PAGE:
Published Online:

Through a mixed-methods approach, we explore how the perceived dangers involved in starting a business in a dangerous region of the world differ by gender. We also explore the ways that women’s businesses affect and are affected by their perceptions of dangers. From surveys in a war zone (Afghanistan), we found that women actually perceive less danger than men do when danger is measured using conventional measures of war-related dangers. In follow-up interviews, we uncovered that women business owners indeed recognize conflict, insurgents, and insecurity in their country, but secondarily to the obstacles they navigate closer to home. These perceptions of danger affect their business decisions. By understanding these nuances better, we can design and implement more effective research studies, as well as more effective business development training programs that will serve women, their businesses, and societal growth best.

Editor’s Comment

The research reported in this study reports a surprising finding—namely, that female entrepreneurs in Afghanistan actually perceived less danger than male entrepreneurs when danger was measured using an instrument that measured the dangers associated with war and violence. The authors then delved into the reasons for this finding by conducting interviews and focus groups with female entrepreneurs from Afghanistan, discovering that some of our measures of danger in war zones do not adequately capture all the dimensions of danger that women face in such countries (e.g., concerns with dealing with dangers associated with oppression and violence close to home). The results of this study are important for entrepreneurship scholars, especially those studying how to facilitate entrepreneurship in developing and war-torn areas of the world with extreme gender inequity. This paper fits the mission of AMD because the authors explore the causes of a surprising finding about an important topic in an underresearched part of the world, make an attempt to “discover” why that result was obtained, and by doing so, contribute to our understanding of the phenomenon. The research also reminds us why it may be important to look at the effects of gender on perceptions in organizational contexts more generally.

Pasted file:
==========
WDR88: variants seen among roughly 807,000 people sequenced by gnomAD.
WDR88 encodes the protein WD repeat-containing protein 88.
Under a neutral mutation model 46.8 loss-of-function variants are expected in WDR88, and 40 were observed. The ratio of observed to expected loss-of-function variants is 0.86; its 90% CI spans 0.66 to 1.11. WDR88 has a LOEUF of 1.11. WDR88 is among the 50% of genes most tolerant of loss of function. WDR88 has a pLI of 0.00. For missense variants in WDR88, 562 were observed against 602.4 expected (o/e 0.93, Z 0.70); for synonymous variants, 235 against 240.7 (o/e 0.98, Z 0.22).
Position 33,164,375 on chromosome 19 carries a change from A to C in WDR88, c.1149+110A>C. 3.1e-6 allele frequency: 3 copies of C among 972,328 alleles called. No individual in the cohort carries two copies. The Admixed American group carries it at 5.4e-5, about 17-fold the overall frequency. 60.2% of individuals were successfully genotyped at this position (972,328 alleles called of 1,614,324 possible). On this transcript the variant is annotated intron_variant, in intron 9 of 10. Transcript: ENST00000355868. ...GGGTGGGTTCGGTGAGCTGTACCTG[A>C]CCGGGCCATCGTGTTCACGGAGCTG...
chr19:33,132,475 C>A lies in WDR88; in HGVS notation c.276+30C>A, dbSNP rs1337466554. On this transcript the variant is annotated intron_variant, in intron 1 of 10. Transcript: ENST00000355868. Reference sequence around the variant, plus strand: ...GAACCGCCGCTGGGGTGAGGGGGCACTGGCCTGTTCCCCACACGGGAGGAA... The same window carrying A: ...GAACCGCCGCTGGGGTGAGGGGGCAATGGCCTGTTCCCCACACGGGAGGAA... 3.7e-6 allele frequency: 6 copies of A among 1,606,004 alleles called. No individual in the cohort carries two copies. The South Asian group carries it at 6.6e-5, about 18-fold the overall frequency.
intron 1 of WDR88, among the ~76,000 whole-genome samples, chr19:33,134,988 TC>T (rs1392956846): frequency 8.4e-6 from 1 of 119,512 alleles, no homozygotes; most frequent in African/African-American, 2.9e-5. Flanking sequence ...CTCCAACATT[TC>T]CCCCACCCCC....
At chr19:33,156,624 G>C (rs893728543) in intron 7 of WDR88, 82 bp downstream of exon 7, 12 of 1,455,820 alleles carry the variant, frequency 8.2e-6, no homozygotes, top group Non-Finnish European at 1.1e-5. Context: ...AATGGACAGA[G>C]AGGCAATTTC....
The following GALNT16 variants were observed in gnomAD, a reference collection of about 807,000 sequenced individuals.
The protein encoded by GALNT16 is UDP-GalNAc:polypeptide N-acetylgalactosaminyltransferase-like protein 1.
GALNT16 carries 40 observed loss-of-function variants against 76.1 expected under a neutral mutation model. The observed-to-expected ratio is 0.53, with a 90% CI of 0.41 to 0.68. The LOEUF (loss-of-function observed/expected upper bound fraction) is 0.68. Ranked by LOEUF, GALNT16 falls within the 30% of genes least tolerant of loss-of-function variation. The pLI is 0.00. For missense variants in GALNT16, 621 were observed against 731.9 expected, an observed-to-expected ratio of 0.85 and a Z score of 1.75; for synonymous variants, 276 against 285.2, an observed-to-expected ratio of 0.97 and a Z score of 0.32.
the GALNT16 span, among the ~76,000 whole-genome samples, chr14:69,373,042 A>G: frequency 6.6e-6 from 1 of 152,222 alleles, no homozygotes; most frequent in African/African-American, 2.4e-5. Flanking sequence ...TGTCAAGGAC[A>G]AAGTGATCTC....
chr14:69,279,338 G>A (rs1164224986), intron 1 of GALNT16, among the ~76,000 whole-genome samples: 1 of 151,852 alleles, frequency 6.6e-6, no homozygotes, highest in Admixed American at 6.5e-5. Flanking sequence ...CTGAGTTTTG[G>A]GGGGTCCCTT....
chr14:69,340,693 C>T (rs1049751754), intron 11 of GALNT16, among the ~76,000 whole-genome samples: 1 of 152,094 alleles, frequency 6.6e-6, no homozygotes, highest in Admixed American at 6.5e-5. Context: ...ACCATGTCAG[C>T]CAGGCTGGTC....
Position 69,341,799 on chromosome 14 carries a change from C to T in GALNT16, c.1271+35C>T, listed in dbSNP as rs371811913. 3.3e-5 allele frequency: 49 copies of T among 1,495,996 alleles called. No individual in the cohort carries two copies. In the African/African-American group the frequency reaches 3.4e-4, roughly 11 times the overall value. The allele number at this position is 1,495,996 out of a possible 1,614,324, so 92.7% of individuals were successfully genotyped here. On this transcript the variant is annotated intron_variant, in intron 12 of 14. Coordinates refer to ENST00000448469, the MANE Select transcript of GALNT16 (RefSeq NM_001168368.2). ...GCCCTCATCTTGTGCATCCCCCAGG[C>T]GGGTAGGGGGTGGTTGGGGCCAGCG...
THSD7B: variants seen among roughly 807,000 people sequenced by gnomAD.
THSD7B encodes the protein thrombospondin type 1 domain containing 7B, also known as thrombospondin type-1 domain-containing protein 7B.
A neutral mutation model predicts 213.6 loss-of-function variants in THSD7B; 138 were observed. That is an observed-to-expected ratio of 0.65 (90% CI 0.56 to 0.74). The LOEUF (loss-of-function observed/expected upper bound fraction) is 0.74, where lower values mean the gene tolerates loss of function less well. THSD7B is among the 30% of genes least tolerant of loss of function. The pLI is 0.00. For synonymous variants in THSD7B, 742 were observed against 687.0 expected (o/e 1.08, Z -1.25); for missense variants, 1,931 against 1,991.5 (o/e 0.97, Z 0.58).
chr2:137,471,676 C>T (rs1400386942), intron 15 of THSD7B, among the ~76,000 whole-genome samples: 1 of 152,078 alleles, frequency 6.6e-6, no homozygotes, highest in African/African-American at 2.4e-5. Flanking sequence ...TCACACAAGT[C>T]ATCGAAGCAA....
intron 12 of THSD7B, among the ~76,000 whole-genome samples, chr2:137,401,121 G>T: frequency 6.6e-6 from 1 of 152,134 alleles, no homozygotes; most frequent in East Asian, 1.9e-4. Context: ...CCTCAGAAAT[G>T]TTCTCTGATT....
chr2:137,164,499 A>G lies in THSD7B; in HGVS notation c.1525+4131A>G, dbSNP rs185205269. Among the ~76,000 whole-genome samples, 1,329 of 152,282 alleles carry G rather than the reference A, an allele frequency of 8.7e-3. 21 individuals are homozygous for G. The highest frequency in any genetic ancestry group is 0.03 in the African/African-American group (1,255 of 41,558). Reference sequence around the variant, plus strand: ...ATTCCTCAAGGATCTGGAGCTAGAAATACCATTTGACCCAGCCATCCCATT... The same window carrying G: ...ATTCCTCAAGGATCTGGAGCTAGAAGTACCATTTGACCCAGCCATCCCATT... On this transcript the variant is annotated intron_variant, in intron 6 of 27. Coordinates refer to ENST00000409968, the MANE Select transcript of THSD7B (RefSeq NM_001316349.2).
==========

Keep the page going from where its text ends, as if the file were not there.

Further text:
Frances Milliken, Action Editor

Whiteboard Video Abstract


  • Abdelzaher D. M., & Bullough A. 2013. Personal experiences of oppression of women stereotypes in the Middle East: Both East and West are guilty. AIB Insights, 13: 8–11. Google Scholar
  • Amorós J. E., & Bosma N. 2014. Global entrepreneurship monitor 2013 global report: Fifteen years of assessing entrepreneurship across the globe. Babson College, Universidad del Desarrollo, & Universiti Tun Abdul Razak. Google Scholar
  • Autio E., Kenney M., Mustar P., Siegel D., & Wright M. 2014. Entrepreneurial innovation: The importance of context. Research Policy, 43: 1097–1108. Google Scholar
  • Bem S. L. 1981. Gender schema theory: A cognitive account of sex typing. Psychological Review, 88: 354–364. Google Scholar
  • Berelson B. 1952. Content analysis in communication research. Glencoe, IL: Free Press. Google Scholar
  • Bernard M. 2012. Afghanistan’s Unrelenting War on Women. The Washington Post, April 9, 2012. Google Scholar
  • Bird B. 1988. Implementing entrepreneurial ideas: The case for intention. Academy of Management Review, 13: 442–453.LinkGoogle Scholar
  • Bird B., & Brush C. 2002. A gendered perspective on organizational creation. Entrepreneurship Theory and Practice, 26: 41. Google Scholar
  • Birkinshaw J., Brannen M. Y., & Tung R. L. 2011. From a distance and generalizable to up close and grounded: Reclaiming a place for qualitative methods in international business research. Journal of International Business Studies, 42: 573–581. Google Scholar
  • Blobaum A., & Hunecke M. 2005. Perceived danger in urban public space: The impacts of physical features and personal factors. Environment and Behavior, 37: 465–486. Google Scholar
  • Blomberg S. B., Hess G. D., & Orphanides A. 2004. The macroeconomic consequences of terrorism. Journal of Monetary Economics, 51: 1007–1032. Google Scholar
  • Branzei O., & Abdelnour S. 2010. Another day, another dollar: Enterprise resilience under terrorism in developing countries. Journal of International Business Studies, 41: 804–825. Google Scholar
  • Brislin R. W. 1980. Translation and content analysis of oral and written materials. In H. C. Triandis & W. W. Lambert (Eds.), Handbook of cross-cultural psychology, vol. 2: 349–444. Boston, MA: Allyn & Bacon. Google Scholar